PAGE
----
For smaller molecules like ethene, the webbook by NIST is a good source of experimental data. Search results for ethene in particular here yield both a figure of a vacuum UV spectrum, indicating an absorption maximum centred around 160-165 nm with $\log \epsilon$ of about 4.2, as well with a primary literature reference (Platt, J.R.; Price, W.C., J. Chem. Phys., 1949, 17, 466).
Of course, other databases like Scifinder/Chemical Abstracts by the American Chemical Society may indidicate more recent data. A specialized compilation, more suitable for ethene in particular, is the MPI-Mainz UV/VIS Spectral Atlas of Gaseous Molecules of Atmospheric Interest here, with an entry about ethene.
Side note: NIST database equally offers access to other thermophysical data (like Vibrational and/or electronic energy levels) potentially of interest for you, too.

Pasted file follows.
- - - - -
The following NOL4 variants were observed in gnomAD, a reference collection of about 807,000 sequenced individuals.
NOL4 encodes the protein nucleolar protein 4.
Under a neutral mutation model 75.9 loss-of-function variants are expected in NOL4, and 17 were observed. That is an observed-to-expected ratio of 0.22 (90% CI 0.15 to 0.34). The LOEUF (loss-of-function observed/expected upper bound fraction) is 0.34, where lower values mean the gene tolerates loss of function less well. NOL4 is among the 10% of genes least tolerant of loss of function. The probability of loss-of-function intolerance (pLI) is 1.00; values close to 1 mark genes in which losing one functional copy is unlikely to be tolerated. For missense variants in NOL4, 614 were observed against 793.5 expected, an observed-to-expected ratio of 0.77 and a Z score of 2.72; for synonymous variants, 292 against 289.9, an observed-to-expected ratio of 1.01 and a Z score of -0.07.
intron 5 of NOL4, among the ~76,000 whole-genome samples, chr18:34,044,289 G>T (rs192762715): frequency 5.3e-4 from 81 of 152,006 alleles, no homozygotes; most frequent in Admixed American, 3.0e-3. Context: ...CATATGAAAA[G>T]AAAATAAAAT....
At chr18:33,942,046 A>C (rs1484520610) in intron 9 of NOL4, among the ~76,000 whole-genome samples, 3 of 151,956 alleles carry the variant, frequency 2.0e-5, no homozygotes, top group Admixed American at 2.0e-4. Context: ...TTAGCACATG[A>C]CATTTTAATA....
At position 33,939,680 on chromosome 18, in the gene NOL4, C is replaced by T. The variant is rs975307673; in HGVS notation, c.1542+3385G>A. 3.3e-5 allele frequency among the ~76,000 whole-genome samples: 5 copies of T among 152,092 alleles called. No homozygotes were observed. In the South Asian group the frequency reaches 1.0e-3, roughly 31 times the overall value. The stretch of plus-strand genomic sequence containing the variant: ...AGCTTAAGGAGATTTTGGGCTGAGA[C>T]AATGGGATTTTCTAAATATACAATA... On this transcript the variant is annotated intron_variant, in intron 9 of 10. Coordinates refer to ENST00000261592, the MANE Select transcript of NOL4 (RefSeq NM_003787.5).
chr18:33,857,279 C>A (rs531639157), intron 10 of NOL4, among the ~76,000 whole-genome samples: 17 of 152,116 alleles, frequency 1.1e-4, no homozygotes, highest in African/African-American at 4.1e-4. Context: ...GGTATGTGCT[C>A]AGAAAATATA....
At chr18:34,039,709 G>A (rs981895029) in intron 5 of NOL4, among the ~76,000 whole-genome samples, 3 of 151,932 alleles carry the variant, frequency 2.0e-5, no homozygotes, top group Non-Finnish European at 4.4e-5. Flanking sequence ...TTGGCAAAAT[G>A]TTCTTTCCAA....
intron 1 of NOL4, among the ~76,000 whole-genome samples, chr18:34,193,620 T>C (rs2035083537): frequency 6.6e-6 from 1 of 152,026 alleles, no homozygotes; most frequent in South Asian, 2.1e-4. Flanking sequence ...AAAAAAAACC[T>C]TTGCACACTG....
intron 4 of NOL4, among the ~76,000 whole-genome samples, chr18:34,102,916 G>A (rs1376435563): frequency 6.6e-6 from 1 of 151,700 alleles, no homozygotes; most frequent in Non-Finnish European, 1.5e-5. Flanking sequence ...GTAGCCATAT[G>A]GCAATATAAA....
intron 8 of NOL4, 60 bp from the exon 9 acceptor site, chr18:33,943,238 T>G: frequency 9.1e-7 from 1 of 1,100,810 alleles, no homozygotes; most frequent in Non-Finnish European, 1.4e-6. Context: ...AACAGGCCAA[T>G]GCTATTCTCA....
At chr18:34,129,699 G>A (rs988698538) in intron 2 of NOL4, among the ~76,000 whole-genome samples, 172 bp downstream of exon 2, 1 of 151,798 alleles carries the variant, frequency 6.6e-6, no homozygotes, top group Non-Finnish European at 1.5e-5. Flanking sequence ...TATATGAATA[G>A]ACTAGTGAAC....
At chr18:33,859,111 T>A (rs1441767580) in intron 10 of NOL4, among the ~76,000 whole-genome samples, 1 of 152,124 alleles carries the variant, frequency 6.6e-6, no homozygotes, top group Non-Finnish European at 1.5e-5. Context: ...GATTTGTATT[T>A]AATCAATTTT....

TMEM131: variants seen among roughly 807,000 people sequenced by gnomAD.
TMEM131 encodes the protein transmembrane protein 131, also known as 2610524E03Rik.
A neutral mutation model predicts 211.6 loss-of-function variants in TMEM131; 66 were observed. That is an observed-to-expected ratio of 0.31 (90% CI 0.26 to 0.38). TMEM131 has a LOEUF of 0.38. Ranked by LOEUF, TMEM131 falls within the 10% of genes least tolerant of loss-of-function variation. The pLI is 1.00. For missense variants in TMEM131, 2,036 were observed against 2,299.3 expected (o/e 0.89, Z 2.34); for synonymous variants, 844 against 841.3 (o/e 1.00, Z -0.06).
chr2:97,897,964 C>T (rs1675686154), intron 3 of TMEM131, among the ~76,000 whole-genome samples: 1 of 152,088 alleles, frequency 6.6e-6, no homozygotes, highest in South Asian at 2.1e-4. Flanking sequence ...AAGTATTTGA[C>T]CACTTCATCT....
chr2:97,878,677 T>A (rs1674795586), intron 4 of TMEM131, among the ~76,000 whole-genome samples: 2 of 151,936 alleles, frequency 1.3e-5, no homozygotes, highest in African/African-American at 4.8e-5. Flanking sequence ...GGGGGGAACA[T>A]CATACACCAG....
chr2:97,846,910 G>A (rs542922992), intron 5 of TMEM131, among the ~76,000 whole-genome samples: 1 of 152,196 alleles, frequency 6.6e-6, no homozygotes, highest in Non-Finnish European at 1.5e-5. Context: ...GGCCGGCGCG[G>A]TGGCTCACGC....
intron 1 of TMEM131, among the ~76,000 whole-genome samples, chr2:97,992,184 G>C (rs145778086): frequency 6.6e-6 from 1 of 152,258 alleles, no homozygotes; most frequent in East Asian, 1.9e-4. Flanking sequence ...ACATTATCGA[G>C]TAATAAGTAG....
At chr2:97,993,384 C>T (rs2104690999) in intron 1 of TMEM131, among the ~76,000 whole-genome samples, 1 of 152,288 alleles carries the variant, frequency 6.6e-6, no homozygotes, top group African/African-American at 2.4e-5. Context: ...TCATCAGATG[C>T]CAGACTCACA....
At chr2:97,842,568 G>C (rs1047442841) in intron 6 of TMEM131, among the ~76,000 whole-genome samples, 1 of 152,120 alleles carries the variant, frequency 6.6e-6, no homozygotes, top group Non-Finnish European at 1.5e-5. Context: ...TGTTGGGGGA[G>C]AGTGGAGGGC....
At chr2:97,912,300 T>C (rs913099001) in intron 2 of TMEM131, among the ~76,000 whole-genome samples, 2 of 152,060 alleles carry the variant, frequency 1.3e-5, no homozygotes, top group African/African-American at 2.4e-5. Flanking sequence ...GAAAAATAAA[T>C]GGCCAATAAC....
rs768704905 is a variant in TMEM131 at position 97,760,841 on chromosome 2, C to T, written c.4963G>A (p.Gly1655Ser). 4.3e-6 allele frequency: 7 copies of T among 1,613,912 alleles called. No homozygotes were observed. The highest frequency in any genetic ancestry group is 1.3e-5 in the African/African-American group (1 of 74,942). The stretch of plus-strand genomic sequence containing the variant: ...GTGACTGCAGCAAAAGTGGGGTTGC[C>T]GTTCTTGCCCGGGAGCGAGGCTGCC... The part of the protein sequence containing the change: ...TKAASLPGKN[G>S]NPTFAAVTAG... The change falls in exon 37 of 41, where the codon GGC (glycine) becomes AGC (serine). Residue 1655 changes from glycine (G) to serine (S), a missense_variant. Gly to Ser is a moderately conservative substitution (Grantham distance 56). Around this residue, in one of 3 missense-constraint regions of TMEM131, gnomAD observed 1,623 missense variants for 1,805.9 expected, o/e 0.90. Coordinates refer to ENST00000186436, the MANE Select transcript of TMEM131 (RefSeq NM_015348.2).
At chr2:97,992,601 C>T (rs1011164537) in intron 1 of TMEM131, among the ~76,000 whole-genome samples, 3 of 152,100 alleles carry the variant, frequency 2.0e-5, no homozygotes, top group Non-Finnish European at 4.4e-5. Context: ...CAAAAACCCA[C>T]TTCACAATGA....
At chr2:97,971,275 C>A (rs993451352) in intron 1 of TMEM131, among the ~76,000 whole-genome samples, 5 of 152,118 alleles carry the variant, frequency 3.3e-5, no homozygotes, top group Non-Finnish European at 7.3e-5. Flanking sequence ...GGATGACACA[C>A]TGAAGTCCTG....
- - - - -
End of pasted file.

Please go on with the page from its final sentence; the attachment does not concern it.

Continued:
Addendum: With the searchable Computational Chemistry Comparison and Benchmark DataBase, NIST equally hosts numerous results of calculations of energies and structures for small molecules. This that may serve as a valuable reference, comparing the methods with each other, as well against experimentally determined data.